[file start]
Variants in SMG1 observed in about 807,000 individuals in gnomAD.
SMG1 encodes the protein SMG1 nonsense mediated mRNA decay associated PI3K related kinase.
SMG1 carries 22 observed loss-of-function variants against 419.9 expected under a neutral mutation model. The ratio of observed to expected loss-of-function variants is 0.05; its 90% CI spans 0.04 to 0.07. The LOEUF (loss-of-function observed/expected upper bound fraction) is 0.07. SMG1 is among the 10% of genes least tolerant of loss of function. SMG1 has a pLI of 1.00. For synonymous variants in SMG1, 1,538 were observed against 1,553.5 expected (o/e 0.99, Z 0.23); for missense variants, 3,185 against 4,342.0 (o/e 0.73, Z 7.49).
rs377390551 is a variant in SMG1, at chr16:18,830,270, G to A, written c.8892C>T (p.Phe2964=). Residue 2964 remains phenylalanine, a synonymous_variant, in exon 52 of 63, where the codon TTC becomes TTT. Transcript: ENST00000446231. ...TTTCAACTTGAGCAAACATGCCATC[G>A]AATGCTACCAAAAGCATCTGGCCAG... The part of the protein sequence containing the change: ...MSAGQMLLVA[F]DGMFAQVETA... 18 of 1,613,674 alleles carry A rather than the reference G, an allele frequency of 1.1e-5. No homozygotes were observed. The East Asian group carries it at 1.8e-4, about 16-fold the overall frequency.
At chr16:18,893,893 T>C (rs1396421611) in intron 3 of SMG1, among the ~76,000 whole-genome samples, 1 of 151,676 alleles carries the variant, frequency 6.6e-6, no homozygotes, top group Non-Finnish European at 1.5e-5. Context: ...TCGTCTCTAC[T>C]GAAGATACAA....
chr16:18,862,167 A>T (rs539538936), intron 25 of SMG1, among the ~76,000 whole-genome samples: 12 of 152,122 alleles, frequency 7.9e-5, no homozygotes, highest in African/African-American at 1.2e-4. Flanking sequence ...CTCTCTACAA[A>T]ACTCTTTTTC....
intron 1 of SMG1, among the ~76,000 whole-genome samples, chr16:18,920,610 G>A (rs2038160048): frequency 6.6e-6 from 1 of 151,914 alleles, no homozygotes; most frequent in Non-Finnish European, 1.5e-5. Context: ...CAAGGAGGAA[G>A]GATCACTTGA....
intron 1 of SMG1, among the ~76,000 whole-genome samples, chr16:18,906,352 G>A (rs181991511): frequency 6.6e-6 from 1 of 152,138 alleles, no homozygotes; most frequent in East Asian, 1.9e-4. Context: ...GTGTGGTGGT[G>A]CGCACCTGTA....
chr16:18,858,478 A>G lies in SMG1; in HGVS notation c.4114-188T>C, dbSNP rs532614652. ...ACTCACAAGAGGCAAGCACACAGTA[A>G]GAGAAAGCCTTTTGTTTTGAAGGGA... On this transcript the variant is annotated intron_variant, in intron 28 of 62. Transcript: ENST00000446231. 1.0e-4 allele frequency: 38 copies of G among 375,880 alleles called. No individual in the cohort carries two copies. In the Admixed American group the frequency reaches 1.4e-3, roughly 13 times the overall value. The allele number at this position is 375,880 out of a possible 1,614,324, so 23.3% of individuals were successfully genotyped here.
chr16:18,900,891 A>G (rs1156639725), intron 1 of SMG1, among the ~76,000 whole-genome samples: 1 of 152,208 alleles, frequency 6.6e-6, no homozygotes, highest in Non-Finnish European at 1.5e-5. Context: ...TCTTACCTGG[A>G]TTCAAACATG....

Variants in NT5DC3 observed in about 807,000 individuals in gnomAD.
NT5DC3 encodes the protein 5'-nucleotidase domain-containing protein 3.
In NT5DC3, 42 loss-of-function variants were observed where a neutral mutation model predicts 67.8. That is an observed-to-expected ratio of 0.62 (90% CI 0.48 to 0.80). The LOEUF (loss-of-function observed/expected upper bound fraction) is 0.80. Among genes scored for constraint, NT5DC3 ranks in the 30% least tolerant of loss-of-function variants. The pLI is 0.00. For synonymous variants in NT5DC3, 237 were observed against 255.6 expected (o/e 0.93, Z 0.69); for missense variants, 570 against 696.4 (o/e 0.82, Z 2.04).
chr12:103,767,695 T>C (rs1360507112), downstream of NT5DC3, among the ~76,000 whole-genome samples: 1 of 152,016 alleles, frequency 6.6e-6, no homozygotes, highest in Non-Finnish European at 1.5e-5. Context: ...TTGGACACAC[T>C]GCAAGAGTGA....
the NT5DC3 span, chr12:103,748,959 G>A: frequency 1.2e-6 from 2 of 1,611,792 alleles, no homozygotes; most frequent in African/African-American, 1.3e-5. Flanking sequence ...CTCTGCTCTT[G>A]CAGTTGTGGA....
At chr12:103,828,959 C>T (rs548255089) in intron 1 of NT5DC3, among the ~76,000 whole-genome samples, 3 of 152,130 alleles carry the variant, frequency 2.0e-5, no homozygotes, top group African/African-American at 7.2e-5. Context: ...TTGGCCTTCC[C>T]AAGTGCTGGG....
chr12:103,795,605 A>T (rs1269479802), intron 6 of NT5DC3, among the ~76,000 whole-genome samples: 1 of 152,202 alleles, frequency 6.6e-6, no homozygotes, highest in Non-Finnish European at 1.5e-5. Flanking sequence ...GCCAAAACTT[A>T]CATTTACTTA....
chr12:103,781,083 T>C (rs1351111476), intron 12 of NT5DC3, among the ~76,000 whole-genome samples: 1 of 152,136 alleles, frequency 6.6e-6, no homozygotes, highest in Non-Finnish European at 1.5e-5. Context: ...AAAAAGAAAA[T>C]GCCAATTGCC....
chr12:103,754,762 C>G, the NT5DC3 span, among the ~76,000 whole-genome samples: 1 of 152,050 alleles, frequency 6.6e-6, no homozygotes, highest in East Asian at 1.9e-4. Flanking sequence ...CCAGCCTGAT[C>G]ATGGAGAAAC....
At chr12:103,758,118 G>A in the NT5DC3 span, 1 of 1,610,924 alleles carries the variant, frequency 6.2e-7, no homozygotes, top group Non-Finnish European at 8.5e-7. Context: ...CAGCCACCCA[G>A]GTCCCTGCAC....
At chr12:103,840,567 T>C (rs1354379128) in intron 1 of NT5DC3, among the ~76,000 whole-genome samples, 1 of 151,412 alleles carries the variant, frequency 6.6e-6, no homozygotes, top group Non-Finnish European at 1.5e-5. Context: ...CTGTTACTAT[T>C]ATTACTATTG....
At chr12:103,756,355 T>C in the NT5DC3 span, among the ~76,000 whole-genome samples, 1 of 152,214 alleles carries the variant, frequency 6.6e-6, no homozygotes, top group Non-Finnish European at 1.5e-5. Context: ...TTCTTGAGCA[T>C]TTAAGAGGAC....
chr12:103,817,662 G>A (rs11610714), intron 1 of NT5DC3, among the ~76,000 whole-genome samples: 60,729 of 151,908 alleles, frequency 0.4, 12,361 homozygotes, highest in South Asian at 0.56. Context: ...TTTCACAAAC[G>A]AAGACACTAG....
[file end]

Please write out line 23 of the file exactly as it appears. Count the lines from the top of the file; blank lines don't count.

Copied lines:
chr12:103,817,662 G>A (rs11610714), intron 1 of NT5DC3, among the ~76,000 whole-genome samples: 60,729 of 151,908 alleles, frequency 0.4, 12,361 homozygotes, highest in South Asian at 0.56. Context: ...TTTCACAAAC[G>A]AAGACACTAG....